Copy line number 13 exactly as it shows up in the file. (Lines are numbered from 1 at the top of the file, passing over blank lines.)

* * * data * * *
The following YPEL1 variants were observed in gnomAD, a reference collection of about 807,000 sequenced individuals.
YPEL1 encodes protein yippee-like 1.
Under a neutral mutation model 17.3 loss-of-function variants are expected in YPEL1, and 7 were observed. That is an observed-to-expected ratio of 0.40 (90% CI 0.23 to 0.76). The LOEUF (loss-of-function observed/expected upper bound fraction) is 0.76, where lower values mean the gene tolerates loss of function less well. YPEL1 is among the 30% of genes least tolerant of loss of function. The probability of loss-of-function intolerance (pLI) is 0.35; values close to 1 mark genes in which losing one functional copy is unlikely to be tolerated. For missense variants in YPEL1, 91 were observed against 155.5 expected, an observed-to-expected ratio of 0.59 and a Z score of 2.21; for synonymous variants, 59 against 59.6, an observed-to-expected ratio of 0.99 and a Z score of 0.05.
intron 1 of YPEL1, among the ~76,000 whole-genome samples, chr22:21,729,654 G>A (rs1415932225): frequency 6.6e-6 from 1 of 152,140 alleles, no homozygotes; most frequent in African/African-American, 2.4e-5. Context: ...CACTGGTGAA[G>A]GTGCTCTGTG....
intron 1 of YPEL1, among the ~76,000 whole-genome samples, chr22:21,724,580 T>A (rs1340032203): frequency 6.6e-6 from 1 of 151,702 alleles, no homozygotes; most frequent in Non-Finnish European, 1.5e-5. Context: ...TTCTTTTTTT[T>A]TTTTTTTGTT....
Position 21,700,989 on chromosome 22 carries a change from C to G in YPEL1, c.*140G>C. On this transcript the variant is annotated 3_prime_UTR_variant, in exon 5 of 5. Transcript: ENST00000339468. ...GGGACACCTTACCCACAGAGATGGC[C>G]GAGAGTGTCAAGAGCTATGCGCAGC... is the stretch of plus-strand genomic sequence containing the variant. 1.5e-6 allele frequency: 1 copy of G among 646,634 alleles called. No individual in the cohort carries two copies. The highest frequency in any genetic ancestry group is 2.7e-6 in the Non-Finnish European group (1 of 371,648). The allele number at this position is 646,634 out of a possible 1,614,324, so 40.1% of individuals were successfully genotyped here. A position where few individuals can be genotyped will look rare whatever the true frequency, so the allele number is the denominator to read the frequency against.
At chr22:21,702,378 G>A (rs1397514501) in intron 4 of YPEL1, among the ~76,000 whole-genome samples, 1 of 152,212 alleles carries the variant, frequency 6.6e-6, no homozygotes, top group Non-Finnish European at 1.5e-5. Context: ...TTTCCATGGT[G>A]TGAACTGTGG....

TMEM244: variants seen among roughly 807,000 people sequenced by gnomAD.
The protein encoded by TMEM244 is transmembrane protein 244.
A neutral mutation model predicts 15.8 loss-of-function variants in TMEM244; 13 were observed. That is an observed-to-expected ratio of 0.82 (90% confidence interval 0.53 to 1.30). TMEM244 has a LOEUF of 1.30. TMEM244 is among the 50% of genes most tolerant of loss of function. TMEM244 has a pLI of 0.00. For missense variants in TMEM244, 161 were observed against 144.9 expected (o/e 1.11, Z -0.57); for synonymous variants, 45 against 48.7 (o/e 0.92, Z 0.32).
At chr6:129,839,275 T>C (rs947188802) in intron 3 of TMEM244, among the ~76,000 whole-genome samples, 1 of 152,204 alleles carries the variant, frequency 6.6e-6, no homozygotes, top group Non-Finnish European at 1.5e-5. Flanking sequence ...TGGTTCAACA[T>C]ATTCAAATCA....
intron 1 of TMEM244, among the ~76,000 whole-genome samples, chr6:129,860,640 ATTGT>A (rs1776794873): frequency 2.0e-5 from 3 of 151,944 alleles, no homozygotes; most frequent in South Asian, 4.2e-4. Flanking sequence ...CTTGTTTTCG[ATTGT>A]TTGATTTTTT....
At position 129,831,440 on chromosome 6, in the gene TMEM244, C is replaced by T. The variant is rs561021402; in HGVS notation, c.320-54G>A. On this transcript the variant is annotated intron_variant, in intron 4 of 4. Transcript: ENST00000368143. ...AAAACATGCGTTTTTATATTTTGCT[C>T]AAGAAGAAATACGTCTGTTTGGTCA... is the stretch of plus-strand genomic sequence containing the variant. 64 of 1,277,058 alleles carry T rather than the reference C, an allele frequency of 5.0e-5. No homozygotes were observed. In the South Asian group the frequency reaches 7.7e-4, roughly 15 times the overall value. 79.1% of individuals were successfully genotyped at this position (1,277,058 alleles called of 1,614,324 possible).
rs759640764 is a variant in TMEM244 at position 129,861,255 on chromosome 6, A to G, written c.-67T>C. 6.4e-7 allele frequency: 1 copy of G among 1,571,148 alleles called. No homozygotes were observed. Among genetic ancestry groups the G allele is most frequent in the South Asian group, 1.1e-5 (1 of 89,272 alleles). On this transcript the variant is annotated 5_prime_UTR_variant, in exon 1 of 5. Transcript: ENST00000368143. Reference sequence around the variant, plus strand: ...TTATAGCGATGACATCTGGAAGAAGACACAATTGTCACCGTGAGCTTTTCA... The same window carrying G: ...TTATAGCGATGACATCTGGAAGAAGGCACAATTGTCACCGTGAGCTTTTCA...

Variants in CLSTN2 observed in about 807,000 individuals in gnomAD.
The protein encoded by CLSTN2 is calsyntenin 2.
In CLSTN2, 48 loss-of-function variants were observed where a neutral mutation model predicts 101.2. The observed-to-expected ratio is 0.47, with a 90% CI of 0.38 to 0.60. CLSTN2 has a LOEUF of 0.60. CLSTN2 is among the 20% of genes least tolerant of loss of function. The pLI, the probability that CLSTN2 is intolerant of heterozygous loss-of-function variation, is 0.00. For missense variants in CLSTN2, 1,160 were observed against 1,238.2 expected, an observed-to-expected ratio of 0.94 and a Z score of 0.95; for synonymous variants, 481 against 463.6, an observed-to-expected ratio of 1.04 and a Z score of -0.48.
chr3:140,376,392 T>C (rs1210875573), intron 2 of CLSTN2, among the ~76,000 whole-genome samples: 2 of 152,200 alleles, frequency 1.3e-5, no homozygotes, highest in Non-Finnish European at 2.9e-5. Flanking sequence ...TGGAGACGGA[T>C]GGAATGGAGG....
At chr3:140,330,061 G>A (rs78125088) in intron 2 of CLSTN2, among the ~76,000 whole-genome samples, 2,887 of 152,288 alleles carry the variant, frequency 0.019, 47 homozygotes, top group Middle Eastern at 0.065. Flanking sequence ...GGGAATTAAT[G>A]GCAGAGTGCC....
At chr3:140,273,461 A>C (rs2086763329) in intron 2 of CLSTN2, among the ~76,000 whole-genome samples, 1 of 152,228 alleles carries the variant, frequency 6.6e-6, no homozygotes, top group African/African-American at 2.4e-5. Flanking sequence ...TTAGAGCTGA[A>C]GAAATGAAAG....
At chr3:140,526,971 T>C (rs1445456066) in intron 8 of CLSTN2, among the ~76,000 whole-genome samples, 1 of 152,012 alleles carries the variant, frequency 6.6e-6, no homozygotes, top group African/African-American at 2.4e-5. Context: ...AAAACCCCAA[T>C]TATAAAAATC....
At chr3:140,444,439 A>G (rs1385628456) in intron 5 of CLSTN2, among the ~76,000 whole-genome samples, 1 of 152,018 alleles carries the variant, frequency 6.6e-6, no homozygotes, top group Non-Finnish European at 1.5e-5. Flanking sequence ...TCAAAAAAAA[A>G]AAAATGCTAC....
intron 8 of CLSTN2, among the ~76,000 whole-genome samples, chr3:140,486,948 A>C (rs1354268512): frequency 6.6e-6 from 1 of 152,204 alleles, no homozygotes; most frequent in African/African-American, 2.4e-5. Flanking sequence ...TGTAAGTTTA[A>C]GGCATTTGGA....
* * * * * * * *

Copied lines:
At position 129,831,440 on chromosome 6, in the gene TMEM244, C is replaced by T. The variant is rs561021402; in HGVS notation, c.320-54G>A. On this transcript the variant is annotated intron_variant, in intron 4 of 4. Transcript: ENST00000368143. ...AAAACATGCGTTTTTATATTTTGCT[C>T]AAGAAGAAATACGTCTGTTTGGTCA... is the stretch of plus-strand genomic sequence containing the variant. 64 of 1,277,058 alleles carry T rather than the reference C, an allele frequency of 5.0e-5. No homozygotes were observed. In the South Asian group the frequency reaches 7.7e-4, roughly 15 times the overall value. 79.1% of individuals were successfully genotyped at this position (1,277,058 alleles called of 1,614,324 possible).